Water is probably the best thing you can drink. But let’s be honest, it’s also probably the most boring thing you can drink. Switching to drinking water instead of sugar laden sodas or juices is one of the simplest positive diet changes you can make. Yet making the switch can be a difficult task if your taste buds are used to being hit with flavor every time you take a sip of liquid. Luckily flavor infused water is there to help ease the transition! You’ve probably seen flavored waters in stores. Or the flavor drops you can add to your water. There’s nothing really wrong with these products. But if you can make something yourself at home, why not do so?
Some people say variety is the spice of life. So I guess that makes spices the spice of food? However you wanna look at it, there’s no denying the important of herbs and spices in cooking. Without them, your flavor options would be pretty limited to really bland combinations of salt, cream, and plain vegetables/fruits. Virtually every recipe calls for herbs thrown in for that extra flavor mile. The only problem with these culinary truths is that buying herbs isn’t always cheap or convenient. We’ve already discussed growing your own herbs at home a long time ago on PCFG, but what if you want to hang onto those herbs all year round? Potted herbs are great, but sometimes it’s a pain to bring them inside over the Winter, and beyond that sometimes you just need to heartbreakingly say goodbye when a good herb plant simply dies in the cold. Big name spice companies dry their herbs and bottle them for sale, obviously. They probably use some sort of space-age water neutralization mega oven science shit. No one could do that at home, right? Believe it or not, actually yeah you can. And it’s pretty easy. Probably 90% of the process involves literally doing nothing, so it’s totally possible to dry herbs at home even if you’re super lazy. Read the rest of this entry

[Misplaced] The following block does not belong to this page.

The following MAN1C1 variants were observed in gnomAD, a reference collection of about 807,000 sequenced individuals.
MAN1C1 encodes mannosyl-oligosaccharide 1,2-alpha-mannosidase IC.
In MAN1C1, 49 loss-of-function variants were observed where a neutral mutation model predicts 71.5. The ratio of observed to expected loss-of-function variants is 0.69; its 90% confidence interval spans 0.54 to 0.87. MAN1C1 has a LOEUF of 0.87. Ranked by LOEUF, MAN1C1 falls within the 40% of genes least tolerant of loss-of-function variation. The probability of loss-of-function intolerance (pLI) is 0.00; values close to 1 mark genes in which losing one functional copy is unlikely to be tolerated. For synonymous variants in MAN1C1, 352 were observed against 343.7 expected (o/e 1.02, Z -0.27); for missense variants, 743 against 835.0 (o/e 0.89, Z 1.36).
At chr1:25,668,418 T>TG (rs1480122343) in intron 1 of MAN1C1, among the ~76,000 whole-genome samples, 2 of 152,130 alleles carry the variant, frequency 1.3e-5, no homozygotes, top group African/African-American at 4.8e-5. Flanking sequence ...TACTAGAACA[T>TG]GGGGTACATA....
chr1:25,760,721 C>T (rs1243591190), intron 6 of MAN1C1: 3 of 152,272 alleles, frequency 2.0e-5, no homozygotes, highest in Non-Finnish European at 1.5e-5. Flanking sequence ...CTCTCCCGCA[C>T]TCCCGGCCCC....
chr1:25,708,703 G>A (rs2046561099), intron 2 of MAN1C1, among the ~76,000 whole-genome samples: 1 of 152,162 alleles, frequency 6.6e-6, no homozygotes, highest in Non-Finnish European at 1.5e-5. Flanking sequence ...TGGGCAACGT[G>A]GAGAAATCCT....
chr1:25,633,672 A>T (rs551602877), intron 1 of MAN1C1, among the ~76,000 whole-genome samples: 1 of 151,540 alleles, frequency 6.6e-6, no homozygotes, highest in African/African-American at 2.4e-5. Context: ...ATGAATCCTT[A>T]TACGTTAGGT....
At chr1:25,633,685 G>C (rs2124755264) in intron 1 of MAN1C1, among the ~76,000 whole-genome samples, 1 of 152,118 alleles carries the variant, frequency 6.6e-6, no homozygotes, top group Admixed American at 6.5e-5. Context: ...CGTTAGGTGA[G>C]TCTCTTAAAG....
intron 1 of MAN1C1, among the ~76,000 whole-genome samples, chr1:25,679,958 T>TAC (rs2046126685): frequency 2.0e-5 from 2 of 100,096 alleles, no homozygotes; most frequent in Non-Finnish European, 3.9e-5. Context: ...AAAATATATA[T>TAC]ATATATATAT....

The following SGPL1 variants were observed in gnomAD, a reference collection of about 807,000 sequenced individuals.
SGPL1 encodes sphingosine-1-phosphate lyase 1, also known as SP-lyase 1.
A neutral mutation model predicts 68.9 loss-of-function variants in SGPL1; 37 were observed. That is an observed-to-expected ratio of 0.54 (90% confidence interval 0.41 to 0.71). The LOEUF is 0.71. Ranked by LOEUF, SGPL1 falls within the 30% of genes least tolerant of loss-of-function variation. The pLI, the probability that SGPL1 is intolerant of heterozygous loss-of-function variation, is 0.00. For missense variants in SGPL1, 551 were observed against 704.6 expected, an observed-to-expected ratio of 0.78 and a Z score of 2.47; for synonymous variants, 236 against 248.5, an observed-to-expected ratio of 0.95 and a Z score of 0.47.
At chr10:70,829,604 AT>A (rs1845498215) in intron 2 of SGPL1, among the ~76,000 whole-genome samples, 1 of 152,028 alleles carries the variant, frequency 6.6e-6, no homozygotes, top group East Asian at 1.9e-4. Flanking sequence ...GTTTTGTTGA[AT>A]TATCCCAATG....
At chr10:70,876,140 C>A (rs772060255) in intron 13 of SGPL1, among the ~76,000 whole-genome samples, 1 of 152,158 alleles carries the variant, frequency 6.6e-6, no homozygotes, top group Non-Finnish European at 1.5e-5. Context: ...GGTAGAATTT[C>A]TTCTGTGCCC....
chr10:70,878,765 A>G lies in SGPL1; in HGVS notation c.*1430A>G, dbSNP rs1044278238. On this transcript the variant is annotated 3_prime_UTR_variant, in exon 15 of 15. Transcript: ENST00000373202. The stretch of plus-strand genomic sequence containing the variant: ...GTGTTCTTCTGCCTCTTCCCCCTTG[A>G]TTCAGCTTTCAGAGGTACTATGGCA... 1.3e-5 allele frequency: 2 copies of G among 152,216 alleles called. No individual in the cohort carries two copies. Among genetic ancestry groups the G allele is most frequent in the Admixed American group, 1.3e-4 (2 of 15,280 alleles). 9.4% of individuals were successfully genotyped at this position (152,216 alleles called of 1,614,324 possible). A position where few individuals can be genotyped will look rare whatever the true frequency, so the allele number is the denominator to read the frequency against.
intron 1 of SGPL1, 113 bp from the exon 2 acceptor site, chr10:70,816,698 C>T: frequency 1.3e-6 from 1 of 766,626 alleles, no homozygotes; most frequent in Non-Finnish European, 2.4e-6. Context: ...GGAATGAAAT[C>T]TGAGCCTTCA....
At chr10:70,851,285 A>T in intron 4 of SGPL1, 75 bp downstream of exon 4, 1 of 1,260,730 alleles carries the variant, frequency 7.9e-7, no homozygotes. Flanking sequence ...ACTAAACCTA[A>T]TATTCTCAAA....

As you may have noticed, we’re big fans of chicken and rice here at Poor Couple’s Food Guide. For the less enlightened, you may think that it gets boring eating a lot of chicken and rice. But this is not the case! There are so many delicious ways to prepare it, each one tasting different from the last. Today I’m here to share one such recipe that I came up with. After months of heavy winter foods I wanted to come up with something light and springy, now that the weather is finally warming up. And something with green in it to reflect the green finally growing outside.
I realized the other day that Erik and I throw around the term “pantry staples” a lot in our posts. However if you’re not one to cook all that much, or are just getting into cooking on your own, you might not be aware of what types of food we mean (and there’s nothing wrong with that!). So I’ve compiled a list of pantry staples to help give you an idea of what ingredients are good to have on hand all the time.
Probably one of the biggest things standing in the way of people from learning to cook properly is how intimidating it seems. The culinary world borrows words from dozens of different languages and has its own set of lingo that makes no sense outside of context. As mentioned last time, dredging is usually the industrial process of collecting mud, waste, and trash from the beds of harbors, but in cooking terms it simply means coating meat in flour. It’s easy to see how one could be easily confused and overwhelmed when the neat, new recipe they’ve found calls for them to acquire fancy-ass sounding ingredients like anise extract or turmeric or herbes de provence. It’s enough to make someone immediately yell “What the hell?” and quit while they’re ahead.
The same goes with directions too. How do you fold a liquid batter? It’s not paper. And furthermore, “browning” your meat doesn’t mean you want it literally the color brown. Actually, one of my favorite methods of cooking is one of those fancy shmancy terms, sautéing. It sounds SO ritzy, yet it’s probably one of the simplest cooking processes out there, and is a key stepping stone to learning to cook.